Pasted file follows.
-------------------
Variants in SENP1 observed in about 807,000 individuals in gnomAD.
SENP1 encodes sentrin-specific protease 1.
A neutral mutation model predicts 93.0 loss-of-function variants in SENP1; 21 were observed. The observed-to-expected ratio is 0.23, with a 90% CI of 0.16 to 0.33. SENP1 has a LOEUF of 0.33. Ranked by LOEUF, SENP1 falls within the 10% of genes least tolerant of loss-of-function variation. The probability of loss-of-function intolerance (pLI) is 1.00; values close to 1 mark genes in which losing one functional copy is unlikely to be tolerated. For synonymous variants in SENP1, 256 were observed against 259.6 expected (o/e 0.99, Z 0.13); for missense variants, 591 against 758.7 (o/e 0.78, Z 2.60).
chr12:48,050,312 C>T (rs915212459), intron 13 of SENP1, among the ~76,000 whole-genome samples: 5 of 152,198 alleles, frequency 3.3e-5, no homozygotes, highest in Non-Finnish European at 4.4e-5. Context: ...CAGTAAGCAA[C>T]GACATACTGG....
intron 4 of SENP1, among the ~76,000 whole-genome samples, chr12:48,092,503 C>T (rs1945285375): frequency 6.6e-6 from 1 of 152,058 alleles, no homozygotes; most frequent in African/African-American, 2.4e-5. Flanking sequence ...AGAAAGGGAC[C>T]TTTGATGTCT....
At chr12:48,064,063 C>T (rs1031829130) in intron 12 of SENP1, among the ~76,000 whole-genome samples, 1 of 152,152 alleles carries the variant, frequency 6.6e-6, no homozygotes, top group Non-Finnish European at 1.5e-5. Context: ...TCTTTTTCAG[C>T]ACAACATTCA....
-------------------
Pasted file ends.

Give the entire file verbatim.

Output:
Variants in SENP1 observed in about 807,000 individuals in gnomAD.
SENP1 encodes sentrin-specific protease 1.
A neutral mutation model predicts 93.0 loss-of-function variants in SENP1; 21 were observed. The observed-to-expected ratio is 0.23, with a 90% CI of 0.16 to 0.33. SENP1 has a LOEUF of 0.33. Ranked by LOEUF, SENP1 falls within the 10% of genes least tolerant of loss-of-function variation. The probability of loss-of-function intolerance (pLI) is 1.00; values close to 1 mark genes in which losing one functional copy is unlikely to be tolerated. For synonymous variants in SENP1, 256 were observed against 259.6 expected (o/e 0.99, Z 0.13); for missense variants, 591 against 758.7 (o/e 0.78, Z 2.60).
chr12:48,050,312 C>T (rs915212459), intron 13 of SENP1, among the ~76,000 whole-genome samples: 5 of 152,198 alleles, frequency 3.3e-5, no homozygotes, highest in Non-Finnish European at 4.4e-5. Context: ...CAGTAAGCAA[C>T]GACATACTGG....
intron 4 of SENP1, among the ~76,000 whole-genome samples, chr12:48,092,503 C>T (rs1945285375): frequency 6.6e-6 from 1 of 152,058 alleles, no homozygotes; most frequent in African/African-American, 2.4e-5. Flanking sequence ...AGAAAGGGAC[C>T]TTTGATGTCT....
At chr12:48,064,063 C>T (rs1031829130) in intron 12 of SENP1, among the ~76,000 whole-genome samples, 1 of 152,152 alleles carries the variant, frequency 6.6e-6, no homozygotes, top group Non-Finnish European at 1.5e-5. Context: ...TCTTTTTCAG[C>T]ACAACATTCA....